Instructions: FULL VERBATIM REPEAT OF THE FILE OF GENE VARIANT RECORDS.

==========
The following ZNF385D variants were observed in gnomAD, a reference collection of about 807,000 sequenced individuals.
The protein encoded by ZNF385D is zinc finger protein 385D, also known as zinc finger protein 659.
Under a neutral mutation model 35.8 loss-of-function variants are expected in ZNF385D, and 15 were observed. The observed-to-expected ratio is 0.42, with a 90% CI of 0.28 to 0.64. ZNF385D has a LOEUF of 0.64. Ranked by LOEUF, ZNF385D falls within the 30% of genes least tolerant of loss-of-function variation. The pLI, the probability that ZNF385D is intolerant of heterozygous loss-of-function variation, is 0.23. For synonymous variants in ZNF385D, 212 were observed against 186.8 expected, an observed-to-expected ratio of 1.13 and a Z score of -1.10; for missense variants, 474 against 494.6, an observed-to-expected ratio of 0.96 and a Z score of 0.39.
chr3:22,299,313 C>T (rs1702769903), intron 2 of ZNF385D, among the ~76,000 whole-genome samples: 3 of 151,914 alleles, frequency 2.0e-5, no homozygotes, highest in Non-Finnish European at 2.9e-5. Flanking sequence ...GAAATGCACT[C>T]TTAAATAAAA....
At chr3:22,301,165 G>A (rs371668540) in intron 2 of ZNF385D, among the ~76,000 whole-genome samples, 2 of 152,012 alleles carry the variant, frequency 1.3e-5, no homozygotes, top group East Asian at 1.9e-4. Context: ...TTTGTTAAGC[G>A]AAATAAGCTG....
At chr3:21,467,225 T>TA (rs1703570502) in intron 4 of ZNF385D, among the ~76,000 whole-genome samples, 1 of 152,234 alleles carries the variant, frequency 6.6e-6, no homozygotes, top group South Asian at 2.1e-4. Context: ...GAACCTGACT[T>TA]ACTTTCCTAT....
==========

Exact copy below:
The following ZNF385D variants were observed in gnomAD, a reference collection of about 807,000 sequenced individuals.
The protein encoded by ZNF385D is zinc finger protein 385D, also known as zinc finger protein 659.
Under a neutral mutation model 35.8 loss-of-function variants are expected in ZNF385D, and 15 were observed. The observed-to-expected ratio is 0.42, with a 90% CI of 0.28 to 0.64. ZNF385D has a LOEUF of 0.64. Ranked by LOEUF, ZNF385D falls within the 30% of genes least tolerant of loss-of-function variation. The pLI, the probability that ZNF385D is intolerant of heterozygous loss-of-function variation, is 0.23. For synonymous variants in ZNF385D, 212 were observed against 186.8 expected, an observed-to-expected ratio of 1.13 and a Z score of -1.10; for missense variants, 474 against 494.6, an observed-to-expected ratio of 0.96 and a Z score of 0.39.
chr3:22,299,313 C>T (rs1702769903), intron 2 of ZNF385D, among the ~76,000 whole-genome samples: 3 of 151,914 alleles, frequency 2.0e-5, no homozygotes, highest in Non-Finnish European at 2.9e-5. Flanking sequence ...GAAATGCACT[C>T]TTAAATAAAA....
At chr3:22,301,165 G>A (rs371668540) in intron 2 of ZNF385D, among the ~76,000 whole-genome samples, 2 of 152,012 alleles carry the variant, frequency 1.3e-5, no homozygotes, top group East Asian at 1.9e-4. Context: ...TTTGTTAAGC[G>A]AAATAAGCTG....
At chr3:21,467,225 T>TA (rs1703570502) in intron 4 of ZNF385D, among the ~76,000 whole-genome samples, 1 of 152,234 alleles carries the variant, frequency 6.6e-6, no homozygotes, top group South Asian at 2.1e-4. Context: ...GAACCTGACT[T>TA]ACTTTCCTAT....